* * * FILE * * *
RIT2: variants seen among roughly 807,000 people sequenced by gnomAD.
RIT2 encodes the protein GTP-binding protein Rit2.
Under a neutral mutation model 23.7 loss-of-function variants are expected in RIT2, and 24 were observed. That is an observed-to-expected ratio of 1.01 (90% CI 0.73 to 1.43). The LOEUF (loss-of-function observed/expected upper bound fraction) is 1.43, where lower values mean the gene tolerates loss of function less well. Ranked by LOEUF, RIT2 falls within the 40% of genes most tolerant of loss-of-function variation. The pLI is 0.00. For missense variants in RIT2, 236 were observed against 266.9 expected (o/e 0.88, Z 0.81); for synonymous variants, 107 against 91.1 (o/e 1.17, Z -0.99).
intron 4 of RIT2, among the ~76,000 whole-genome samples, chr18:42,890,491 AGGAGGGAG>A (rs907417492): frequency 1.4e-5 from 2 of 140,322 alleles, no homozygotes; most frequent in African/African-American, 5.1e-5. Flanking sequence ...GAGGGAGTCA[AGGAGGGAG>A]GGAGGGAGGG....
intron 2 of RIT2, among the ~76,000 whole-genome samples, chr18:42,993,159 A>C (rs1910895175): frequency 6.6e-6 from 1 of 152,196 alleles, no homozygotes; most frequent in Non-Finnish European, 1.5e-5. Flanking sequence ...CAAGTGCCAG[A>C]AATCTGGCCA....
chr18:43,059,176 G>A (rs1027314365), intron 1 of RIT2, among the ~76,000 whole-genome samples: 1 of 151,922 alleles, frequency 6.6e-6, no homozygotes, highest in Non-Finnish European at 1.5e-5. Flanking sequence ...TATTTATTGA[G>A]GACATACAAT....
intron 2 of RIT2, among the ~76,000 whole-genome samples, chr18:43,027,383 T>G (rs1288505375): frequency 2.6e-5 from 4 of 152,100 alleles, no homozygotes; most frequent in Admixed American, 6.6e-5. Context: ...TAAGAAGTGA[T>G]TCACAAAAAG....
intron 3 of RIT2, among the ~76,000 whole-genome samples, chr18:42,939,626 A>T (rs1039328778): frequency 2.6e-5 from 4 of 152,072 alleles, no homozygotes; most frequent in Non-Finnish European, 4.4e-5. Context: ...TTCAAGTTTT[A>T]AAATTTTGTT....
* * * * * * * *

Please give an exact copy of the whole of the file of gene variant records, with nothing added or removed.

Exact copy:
RIT2: variants seen among roughly 807,000 people sequenced by gnomAD.
RIT2 encodes the protein GTP-binding protein Rit2.
Under a neutral mutation model 23.7 loss-of-function variants are expected in RIT2, and 24 were observed. That is an observed-to-expected ratio of 1.01 (90% CI 0.73 to 1.43). The LOEUF (loss-of-function observed/expected upper bound fraction) is 1.43, where lower values mean the gene tolerates loss of function less well. Ranked by LOEUF, RIT2 falls within the 40% of genes most tolerant of loss-of-function variation. The pLI is 0.00. For missense variants in RIT2, 236 were observed against 266.9 expected (o/e 0.88, Z 0.81); for synonymous variants, 107 against 91.1 (o/e 1.17, Z -0.99).
intron 4 of RIT2, among the ~76,000 whole-genome samples, chr18:42,890,491 AGGAGGGAG>A (rs907417492): frequency 1.4e-5 from 2 of 140,322 alleles, no homozygotes; most frequent in African/African-American, 5.1e-5. Flanking sequence ...GAGGGAGTCA[AGGAGGGAG>A]GGAGGGAGGG....
intron 2 of RIT2, among the ~76,000 whole-genome samples, chr18:42,993,159 A>C (rs1910895175): frequency 6.6e-6 from 1 of 152,196 alleles, no homozygotes; most frequent in Non-Finnish European, 1.5e-5. Flanking sequence ...CAAGTGCCAG[A>C]AATCTGGCCA....
chr18:43,059,176 G>A (rs1027314365), intron 1 of RIT2, among the ~76,000 whole-genome samples: 1 of 151,922 alleles, frequency 6.6e-6, no homozygotes, highest in Non-Finnish European at 1.5e-5. Flanking sequence ...TATTTATTGA[G>A]GACATACAAT....
intron 2 of RIT2, among the ~76,000 whole-genome samples, chr18:43,027,383 T>G (rs1288505375): frequency 2.6e-5 from 4 of 152,100 alleles, no homozygotes; most frequent in Admixed American, 6.6e-5. Context: ...TAAGAAGTGA[T>G]TCACAAAAAG....
intron 3 of RIT2, among the ~76,000 whole-genome samples, chr18:42,939,626 A>T (rs1039328778): frequency 2.6e-5 from 4 of 152,072 alleles, no homozygotes; most frequent in Non-Finnish European, 4.4e-5. Context: ...TTCAAGTTTT[A>T]AAATTTTGTT....